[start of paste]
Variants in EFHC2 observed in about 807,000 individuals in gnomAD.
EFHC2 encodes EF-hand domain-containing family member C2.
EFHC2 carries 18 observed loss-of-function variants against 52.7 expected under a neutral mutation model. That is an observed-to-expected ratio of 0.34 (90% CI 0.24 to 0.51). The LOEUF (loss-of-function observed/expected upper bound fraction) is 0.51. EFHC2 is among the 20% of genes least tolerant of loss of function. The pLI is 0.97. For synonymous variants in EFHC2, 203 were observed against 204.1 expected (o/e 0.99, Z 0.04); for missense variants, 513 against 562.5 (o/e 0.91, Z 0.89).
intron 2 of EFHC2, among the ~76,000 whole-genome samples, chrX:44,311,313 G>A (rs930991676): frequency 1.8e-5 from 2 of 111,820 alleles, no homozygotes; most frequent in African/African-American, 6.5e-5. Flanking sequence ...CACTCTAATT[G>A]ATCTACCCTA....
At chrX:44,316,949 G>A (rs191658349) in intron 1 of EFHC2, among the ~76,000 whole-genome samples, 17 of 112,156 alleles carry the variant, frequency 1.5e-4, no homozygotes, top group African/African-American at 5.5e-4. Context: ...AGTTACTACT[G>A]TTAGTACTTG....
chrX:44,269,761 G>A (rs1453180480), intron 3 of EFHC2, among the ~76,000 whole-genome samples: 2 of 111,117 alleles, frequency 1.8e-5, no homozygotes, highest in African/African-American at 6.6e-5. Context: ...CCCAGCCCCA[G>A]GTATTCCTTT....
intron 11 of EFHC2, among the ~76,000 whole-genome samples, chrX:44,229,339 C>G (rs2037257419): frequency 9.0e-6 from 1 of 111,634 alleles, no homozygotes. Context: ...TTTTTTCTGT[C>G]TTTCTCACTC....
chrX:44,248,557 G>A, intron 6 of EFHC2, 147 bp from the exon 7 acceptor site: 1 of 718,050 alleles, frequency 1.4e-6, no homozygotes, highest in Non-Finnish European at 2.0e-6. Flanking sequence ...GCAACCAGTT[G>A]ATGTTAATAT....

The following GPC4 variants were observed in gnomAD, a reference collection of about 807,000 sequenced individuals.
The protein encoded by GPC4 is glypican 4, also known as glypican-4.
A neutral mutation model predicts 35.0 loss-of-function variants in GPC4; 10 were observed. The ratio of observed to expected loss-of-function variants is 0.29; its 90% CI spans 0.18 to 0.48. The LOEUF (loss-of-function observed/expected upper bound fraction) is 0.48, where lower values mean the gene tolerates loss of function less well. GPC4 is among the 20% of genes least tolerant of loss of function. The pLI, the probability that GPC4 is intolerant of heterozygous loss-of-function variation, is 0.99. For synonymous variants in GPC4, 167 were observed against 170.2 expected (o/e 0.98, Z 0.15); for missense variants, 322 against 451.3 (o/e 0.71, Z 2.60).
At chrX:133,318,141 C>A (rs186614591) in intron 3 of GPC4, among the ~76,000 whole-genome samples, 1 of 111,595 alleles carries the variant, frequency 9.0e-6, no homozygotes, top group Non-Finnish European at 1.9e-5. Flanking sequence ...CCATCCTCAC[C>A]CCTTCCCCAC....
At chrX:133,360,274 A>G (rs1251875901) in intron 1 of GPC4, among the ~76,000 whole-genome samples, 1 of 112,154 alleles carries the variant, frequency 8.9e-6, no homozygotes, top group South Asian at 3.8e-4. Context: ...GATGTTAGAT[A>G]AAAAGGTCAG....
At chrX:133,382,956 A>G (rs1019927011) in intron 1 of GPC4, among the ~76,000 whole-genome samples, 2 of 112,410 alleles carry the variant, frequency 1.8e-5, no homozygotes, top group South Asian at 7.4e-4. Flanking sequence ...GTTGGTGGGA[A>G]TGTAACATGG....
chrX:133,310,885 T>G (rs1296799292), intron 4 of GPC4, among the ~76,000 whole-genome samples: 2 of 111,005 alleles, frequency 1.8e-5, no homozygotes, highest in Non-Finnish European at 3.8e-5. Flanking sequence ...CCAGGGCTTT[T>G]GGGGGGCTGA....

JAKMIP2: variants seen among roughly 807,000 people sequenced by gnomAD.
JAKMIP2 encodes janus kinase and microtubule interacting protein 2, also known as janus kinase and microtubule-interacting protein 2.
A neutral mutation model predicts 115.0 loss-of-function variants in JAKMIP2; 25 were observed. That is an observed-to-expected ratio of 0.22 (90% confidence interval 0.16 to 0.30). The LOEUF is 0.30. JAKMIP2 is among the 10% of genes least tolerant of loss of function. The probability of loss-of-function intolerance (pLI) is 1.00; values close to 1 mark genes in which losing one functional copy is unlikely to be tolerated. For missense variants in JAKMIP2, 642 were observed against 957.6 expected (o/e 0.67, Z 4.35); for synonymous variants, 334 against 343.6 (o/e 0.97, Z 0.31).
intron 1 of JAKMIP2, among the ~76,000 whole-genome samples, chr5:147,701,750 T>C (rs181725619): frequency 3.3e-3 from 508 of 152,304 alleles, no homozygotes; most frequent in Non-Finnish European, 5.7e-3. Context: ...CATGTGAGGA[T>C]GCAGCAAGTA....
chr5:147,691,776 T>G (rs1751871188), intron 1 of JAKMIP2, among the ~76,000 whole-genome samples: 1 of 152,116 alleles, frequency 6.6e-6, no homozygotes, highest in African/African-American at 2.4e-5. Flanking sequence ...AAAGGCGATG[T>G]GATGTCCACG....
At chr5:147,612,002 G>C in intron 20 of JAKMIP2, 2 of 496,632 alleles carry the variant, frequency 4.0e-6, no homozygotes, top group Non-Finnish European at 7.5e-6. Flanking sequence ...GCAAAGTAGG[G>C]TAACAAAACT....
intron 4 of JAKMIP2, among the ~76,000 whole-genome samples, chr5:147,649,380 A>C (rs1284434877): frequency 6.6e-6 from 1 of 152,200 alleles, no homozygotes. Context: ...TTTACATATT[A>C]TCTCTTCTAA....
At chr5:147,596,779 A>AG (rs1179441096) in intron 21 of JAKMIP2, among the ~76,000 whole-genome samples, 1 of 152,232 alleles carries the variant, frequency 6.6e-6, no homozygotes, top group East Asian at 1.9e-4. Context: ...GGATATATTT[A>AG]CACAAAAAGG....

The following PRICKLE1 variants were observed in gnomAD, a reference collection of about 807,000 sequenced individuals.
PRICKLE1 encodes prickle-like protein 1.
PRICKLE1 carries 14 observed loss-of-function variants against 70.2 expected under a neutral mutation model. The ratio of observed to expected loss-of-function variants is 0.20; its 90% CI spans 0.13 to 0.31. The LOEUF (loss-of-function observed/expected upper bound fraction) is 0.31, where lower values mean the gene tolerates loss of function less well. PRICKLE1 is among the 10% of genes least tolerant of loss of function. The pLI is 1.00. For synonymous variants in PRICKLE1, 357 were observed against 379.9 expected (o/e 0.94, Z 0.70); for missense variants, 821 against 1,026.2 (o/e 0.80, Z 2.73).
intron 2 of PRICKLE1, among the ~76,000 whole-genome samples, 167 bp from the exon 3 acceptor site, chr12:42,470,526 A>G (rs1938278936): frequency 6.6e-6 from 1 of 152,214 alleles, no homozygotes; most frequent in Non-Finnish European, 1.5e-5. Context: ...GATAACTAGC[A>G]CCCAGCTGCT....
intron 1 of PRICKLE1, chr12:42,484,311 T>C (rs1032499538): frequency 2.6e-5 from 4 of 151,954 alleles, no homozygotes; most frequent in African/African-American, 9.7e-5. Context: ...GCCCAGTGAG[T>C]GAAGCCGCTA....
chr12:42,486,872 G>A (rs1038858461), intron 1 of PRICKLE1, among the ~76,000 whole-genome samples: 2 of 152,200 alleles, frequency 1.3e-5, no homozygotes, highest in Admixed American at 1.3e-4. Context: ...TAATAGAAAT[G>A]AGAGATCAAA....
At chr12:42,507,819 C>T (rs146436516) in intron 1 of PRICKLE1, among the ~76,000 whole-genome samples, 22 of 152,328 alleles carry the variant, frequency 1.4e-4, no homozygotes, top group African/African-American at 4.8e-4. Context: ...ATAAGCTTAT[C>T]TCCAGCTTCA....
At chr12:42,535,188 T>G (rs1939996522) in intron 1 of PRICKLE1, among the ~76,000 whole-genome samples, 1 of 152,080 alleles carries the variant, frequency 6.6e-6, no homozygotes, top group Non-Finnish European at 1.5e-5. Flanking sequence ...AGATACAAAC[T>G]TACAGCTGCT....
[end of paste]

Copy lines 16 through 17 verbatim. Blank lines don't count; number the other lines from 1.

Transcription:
JAKMIP2: variants seen among roughly 807,000 people sequenced by gnomAD.
JAKMIP2 encodes janus kinase and microtubule interacting protein 2, also known as janus kinase and microtubule-interacting protein 2.